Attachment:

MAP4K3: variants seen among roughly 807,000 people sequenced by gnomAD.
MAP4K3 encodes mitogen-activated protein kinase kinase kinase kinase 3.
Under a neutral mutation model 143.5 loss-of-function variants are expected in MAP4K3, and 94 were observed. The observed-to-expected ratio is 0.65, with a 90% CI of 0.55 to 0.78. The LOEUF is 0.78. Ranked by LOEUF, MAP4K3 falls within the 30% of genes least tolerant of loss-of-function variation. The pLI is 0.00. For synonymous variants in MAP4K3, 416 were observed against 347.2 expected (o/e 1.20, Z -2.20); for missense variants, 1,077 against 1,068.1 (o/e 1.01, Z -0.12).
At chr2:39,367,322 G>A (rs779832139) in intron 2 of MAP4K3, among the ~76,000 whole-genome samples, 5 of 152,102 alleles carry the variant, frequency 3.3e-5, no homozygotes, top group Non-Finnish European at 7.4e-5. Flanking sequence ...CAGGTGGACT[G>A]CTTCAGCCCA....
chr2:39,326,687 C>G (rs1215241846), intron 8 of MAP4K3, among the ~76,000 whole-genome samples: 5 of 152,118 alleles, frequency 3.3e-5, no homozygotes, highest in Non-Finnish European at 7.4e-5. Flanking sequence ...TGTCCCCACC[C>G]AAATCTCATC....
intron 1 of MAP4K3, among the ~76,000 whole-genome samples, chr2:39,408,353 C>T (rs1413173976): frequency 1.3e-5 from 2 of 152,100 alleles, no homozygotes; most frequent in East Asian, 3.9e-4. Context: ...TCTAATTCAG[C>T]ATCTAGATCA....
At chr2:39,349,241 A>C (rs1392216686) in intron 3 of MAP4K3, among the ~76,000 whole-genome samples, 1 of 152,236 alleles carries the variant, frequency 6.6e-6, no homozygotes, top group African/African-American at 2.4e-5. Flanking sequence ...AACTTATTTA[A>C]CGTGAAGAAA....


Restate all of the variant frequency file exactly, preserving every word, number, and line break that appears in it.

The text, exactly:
MAP4K3: variants seen among roughly 807,000 people sequenced by gnomAD.
MAP4K3 encodes mitogen-activated protein kinase kinase kinase kinase 3.
Under a neutral mutation model 143.5 loss-of-function variants are expected in MAP4K3, and 94 were observed. The observed-to-expected ratio is 0.65, with a 90% CI of 0.55 to 0.78. The LOEUF is 0.78. Ranked by LOEUF, MAP4K3 falls within the 30% of genes least tolerant of loss-of-function variation. The pLI is 0.00. For synonymous variants in MAP4K3, 416 were observed against 347.2 expected (o/e 1.20, Z -2.20); for missense variants, 1,077 against 1,068.1 (o/e 1.01, Z -0.12).
At chr2:39,367,322 G>A (rs779832139) in intron 2 of MAP4K3, among the ~76,000 whole-genome samples, 5 of 152,102 alleles carry the variant, frequency 3.3e-5, no homozygotes, top group Non-Finnish European at 7.4e-5. Flanking sequence ...CAGGTGGACT[G>A]CTTCAGCCCA....
chr2:39,326,687 C>G (rs1215241846), intron 8 of MAP4K3, among the ~76,000 whole-genome samples: 5 of 152,118 alleles, frequency 3.3e-5, no homozygotes, highest in Non-Finnish European at 7.4e-5. Flanking sequence ...TGTCCCCACC[C>G]AAATCTCATC....
intron 1 of MAP4K3, among the ~76,000 whole-genome samples, chr2:39,408,353 C>T (rs1413173976): frequency 1.3e-5 from 2 of 152,100 alleles, no homozygotes; most frequent in East Asian, 3.9e-4. Context: ...TCTAATTCAG[C>T]ATCTAGATCA....
At chr2:39,349,241 A>C (rs1392216686) in intron 3 of MAP4K3, among the ~76,000 whole-genome samples, 1 of 152,236 alleles carries the variant, frequency 6.6e-6, no homozygotes, top group African/African-American at 2.4e-5. Flanking sequence ...AACTTATTTA[A>C]CGTGAAGAAA....